Non-traditional metrics: PDO
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08-09-2012, 01:07 PM
Join Date: Dec 2010
Originally Posted by
Czech Your Math
I still don't see the difference. If a team is scoring 4 GPG in today's NHL, or giving up 1.5 GPG, it will also likely regress to the mean. However, if the 80s Oilers were scoring 1 GPG more than the league, I wouldn't hold your breath waiting for it to "regress to the mean." It's being proposed that PDO should be 1000 for all teams and individuals, but that's not even close to being true.
I gave examples of teams whose overall S% +SV% generally stayed above or below the mean over multiple seasons:
Islanders were 985, 986, 989, 998, and 984 the last 5 seasons.
Columbus was 990, 999, 994, 984, and 984 the last 5 seasons.
Toronto was 986, 981, 975, 997, and 998 the last 5 seasons.
These teams weren't unlucky, they were just below average. I doubt Toronto was "less unlucky", but instead was "less bad."
When Boston won the Cup two years ago, they were 1023 during the season. They improved to 1042 in the playoffs. How is that regressing to the mean? Yes, teams will regress to the mean over multiple seasons, because there's a lot of parity and teams change from year to year. They add players, they lose players, players get better, players get injured.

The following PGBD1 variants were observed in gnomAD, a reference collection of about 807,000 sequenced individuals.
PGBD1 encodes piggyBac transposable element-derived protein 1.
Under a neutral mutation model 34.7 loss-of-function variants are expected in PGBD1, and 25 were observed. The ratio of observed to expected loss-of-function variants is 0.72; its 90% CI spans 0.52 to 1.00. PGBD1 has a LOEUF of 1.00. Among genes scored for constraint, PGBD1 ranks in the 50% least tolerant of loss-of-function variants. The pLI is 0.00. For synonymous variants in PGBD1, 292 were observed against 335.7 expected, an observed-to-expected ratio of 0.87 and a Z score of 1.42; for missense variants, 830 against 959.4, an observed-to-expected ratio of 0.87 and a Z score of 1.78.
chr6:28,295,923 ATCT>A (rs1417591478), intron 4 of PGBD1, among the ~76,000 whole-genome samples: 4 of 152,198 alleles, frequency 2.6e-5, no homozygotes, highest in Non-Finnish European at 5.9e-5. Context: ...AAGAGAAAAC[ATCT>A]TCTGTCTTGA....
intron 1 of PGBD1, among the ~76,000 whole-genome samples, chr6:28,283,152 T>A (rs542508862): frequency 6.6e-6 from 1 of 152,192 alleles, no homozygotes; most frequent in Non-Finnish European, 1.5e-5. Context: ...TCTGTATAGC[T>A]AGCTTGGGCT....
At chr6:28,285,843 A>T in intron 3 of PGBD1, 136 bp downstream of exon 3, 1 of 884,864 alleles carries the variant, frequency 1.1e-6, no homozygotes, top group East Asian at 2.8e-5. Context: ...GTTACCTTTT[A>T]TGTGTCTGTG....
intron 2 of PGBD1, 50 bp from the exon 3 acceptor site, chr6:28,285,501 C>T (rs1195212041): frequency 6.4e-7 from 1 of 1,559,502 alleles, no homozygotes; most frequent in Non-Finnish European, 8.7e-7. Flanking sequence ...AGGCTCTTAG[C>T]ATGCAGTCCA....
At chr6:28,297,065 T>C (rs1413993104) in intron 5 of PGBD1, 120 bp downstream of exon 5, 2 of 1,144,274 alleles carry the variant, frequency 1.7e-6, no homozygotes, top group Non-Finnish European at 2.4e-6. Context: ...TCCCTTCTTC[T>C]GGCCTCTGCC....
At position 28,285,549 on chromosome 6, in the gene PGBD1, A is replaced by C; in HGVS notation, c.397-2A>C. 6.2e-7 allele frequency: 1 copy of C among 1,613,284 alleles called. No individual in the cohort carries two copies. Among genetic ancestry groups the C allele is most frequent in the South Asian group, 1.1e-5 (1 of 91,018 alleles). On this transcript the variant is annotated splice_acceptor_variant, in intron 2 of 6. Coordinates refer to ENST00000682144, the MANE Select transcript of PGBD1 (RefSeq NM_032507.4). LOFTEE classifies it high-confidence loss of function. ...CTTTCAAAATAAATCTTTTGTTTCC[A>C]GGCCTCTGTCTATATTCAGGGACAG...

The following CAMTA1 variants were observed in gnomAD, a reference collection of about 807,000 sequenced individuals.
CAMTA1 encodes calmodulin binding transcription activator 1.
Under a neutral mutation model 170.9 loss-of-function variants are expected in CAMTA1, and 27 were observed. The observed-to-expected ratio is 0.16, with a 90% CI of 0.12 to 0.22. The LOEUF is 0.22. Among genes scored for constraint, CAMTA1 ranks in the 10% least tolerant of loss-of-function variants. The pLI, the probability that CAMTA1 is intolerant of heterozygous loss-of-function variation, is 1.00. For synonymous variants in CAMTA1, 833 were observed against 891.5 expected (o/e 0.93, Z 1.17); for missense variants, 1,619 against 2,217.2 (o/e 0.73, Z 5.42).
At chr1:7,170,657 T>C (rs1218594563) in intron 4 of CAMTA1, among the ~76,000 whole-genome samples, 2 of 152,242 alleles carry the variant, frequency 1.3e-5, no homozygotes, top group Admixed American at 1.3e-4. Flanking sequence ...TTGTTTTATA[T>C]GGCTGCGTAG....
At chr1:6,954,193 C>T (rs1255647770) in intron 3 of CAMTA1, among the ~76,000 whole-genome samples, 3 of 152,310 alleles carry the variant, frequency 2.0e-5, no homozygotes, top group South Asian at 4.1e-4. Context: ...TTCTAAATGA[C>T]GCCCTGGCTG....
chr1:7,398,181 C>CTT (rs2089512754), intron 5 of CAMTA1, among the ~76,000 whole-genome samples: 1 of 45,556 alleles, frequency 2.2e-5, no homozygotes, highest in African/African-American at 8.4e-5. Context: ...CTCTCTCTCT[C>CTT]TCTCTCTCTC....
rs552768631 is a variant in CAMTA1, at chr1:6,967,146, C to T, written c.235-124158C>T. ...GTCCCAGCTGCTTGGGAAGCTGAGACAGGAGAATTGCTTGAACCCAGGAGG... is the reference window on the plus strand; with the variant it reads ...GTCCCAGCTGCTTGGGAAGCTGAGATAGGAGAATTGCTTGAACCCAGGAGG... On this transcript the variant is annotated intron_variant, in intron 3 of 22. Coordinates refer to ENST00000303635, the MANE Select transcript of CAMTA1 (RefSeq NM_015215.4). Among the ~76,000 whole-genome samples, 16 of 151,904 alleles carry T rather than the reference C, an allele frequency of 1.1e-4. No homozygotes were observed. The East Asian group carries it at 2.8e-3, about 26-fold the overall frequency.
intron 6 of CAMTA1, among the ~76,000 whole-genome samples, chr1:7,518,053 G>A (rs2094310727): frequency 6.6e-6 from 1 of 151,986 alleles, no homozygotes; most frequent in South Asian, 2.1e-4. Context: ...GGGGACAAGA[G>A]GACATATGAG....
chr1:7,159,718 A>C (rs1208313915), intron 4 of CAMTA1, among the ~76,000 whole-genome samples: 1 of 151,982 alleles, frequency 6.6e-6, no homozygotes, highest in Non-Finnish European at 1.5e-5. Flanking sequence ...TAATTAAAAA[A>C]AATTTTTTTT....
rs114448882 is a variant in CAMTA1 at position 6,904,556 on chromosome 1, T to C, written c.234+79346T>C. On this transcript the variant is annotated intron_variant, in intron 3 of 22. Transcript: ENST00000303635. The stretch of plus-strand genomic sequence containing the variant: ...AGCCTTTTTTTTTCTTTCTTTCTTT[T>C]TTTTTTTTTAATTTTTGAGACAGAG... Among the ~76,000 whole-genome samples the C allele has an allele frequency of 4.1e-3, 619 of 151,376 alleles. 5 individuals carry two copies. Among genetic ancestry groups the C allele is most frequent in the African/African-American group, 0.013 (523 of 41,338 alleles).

I gave examples of teams whose overall S% + SV% generally stayed above or below the mean over multiple seasons:
Vancouver was 1006, 1018, 1019, 1026 and 1019 the last 5 seasons.
Boston was 1004, 1036, 998, 1023 and 1019 the last 5 seasons.
Those teams weren't lucky, they were good, especially their goalies.
How is it primarily luck-driven, when the best teams tend to be higher and the bad teams tend to be lower over multiple seasons? The bad teams provide better examples in general, because it's a lot easier to be bad than good. Somehow, certain teams tend to remain lucky:
I know some people that will be glad to know that Gretzky was simply lucky and not great.
Sigh. You take a team measurement and then use it to logically conclude that Gretzky is lucky? Do you see the logical fallacy there?
The teams you picked have some of the best shot differentials over the past 5 seasons - a much better indicator of success - and also feature two of the most extreme examples of shooting percentage and save percentage outliers respectively: the Sedins and Tim Thomas.
Why don't you take a look at all 30 teams at once, like a true statistical analysis would. Maybe you would be surprised to find that on average teams regress to 1000.
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